Editorials

Air travel isn’t what it used to be

While waiting to meet his sister for the first time, Charlie Herr, 33, looks at the arrival information board for her flight at Sacramento International Airport last year. The airport has seen a 4 percent decline in flights since 2012, and public transit options to SMF are limited.
While waiting to meet his sister for the first time, Charlie Herr, 33, looks at the arrival information board for her flight at Sacramento International Airport last year. The airport has seen a 4 percent decline in flights since 2012, and public transit options to SMF are limited. Special to The Bee

Air travelers know that getting to and from their destinations isn’t what it used to be.

As we rush by the hundreds of thousands locally, and many millions nationally, to visit family and friends or take year-end vacations, too many flights get delayed and canceled, and you must partially disrobe to get past TSA security.

The number of flights in and out of Sacramento has dropped by 4 percent since 2012, but the number of passengers is up by 2.2 percent. Seats are cramped and legroom is a joke. Babies cry, which is understandable. What’s truly annoying are the big babies who look like grown-ups but don’t seem to understand that we’re all in a rush to arrive in reasonably good cheer.

At least we who rely on Sacramento International Airport have the good fortune of having nice terminals where you can get a good cup of coffee or decent glass of local wine, find something to read, and not feel like you’re being pushed through a cattle chute.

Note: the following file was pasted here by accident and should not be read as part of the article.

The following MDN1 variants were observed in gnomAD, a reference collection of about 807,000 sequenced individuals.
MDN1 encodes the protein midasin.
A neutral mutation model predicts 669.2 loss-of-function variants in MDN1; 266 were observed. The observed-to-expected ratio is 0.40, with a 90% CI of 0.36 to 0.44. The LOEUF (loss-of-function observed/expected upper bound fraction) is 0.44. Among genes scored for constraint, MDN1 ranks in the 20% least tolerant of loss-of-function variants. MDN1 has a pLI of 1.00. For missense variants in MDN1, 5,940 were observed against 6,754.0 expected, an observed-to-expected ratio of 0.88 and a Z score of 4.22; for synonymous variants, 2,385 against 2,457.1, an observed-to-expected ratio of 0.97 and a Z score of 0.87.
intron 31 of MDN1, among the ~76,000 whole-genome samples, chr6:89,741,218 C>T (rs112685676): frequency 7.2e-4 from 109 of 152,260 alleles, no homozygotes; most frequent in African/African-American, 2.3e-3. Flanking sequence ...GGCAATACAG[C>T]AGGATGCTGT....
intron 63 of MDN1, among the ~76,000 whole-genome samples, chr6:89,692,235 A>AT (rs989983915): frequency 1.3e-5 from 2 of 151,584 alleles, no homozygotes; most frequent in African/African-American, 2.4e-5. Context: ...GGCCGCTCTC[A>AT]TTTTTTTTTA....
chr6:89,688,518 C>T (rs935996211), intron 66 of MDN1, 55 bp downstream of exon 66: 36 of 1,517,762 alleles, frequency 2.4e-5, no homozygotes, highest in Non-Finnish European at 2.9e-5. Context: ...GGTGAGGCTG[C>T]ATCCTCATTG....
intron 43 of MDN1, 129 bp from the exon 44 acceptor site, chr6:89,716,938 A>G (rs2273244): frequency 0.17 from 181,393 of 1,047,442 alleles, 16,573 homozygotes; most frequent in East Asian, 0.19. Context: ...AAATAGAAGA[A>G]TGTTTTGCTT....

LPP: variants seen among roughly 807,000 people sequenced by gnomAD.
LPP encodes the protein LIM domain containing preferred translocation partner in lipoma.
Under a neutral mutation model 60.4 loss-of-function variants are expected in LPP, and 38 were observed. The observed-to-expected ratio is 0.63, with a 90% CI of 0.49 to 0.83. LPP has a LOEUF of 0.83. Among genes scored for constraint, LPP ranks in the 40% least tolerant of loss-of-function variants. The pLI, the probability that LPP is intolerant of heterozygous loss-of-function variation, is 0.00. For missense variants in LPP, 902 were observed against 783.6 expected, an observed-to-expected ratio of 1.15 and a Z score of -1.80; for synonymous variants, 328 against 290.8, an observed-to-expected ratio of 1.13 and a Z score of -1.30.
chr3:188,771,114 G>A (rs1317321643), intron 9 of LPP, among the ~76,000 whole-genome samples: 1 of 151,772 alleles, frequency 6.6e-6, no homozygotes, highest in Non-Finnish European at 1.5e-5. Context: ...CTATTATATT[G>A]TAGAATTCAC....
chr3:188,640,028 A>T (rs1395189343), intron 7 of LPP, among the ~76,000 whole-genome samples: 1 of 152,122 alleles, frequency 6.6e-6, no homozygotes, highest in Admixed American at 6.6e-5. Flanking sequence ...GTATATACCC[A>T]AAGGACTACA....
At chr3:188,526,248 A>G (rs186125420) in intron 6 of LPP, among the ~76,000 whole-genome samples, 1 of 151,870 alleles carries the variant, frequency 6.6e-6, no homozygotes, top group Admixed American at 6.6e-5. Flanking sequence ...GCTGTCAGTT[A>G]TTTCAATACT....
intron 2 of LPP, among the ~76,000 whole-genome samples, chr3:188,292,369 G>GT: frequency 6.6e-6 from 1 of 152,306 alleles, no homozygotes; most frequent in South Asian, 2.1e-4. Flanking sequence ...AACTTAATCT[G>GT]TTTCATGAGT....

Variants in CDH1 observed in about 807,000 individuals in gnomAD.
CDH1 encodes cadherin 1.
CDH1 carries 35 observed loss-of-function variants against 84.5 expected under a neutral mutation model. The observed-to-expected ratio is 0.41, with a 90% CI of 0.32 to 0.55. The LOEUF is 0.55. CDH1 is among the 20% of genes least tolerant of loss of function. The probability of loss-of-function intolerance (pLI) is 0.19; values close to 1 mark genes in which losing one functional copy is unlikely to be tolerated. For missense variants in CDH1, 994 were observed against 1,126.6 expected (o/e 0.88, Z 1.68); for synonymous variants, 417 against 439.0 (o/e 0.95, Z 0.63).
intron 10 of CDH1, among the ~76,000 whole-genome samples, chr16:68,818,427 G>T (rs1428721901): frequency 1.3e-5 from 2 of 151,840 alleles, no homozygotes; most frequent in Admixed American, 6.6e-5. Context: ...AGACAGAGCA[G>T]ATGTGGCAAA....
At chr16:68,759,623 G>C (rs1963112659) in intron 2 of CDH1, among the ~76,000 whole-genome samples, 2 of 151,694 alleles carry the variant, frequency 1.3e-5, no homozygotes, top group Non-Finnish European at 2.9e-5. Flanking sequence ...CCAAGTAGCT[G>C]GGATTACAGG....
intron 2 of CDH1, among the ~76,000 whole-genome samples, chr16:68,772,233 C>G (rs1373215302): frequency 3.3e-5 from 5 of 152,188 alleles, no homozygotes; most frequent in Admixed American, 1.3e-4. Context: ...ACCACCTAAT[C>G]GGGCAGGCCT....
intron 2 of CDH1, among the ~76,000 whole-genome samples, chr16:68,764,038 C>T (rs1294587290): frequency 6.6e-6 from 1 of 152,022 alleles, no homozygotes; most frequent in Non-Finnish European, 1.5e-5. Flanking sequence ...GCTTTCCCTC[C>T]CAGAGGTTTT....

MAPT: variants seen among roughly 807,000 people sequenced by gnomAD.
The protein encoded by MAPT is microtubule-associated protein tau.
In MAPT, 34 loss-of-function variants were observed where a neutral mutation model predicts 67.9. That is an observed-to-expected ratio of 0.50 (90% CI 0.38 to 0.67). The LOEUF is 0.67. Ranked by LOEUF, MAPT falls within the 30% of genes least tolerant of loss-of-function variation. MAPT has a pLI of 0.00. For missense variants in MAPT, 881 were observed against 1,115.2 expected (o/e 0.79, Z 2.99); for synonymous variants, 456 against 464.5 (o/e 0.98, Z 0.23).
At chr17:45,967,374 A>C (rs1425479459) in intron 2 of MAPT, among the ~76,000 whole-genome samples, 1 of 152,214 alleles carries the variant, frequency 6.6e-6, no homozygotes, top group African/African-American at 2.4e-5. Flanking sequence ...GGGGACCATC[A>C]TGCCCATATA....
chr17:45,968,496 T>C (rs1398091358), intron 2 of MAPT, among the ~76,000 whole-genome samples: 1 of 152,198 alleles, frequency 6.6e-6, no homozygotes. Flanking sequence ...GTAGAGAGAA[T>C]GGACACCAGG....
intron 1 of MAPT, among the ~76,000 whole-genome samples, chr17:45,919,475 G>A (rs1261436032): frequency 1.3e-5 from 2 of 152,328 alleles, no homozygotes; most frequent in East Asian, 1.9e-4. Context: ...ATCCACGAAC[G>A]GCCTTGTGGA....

The airport management, working with the Sacramento Metropolitan Arts Commission, has brought in musical groups to serenade travelers during the Christmas season, taking the edge off the holiday hustle, as The Bee’s Sammy Caiola wrote earlier this month.

Parking hasn’t become too expensive or difficult, although lots will fill this week, and the red rabbit in Terminal B still amuses. Even in the holiday rush, Sacramento’s airport feels a little like a pleasantly uncrowded shopping mall.

Of course, that’s also a problem, as the county struggles to generate sufficient revenue to pay off the $1.07 billion Terminal B construction debt.

It’s still too hard to get from Sacramento to the rest of the country and world. United Airlines exacerbated the lack of nonstop flights by ending for three months direct flights to Washington, D.C., to the dismay of the Northern California congressional delegation and lobbyists who made regular use of it.

Nor has Sacramento succeeded in living up to its status as an international airport, with the exception of a flight to Guadalajara, Mexico. Reno is getting a direct flight to London. Austin already has one. Portland, Ore., has flights to Frankfurt, Germany; Amsterdam; Tokyo; and Iceland.

As Sactown Magazine’s Rob Turner, a regular Bee contributor, wrote last month, Sacramento, the nation’s 27th-largest airport, has the fewest international flights of any of the top 35 metro airports.

The city has been working to build trade relations with Chongqing, in southwest China. Several U.S. corporations including Hewlett-Packard have major manufacturing operations there. Chongqing, with its regional population of 33 million, would seem to be a ripe place for regular flights.

Instead, we depend heavily on Southwest Airlines, the Texas-based carrier that used to be charming and relatively low-cost, but lately has struggled to improve its faltering on-time record.

In your search for direct flights, you might end up using San Francisco International. If you do, we recommend driving to the Pittsburg/Bay Point BART station and riding the train to the airport.

Perhaps the wizards at Sacramento Regional Transit one day will figure out how to run light rail from downtown to the airport. Maybe in our lifetime.

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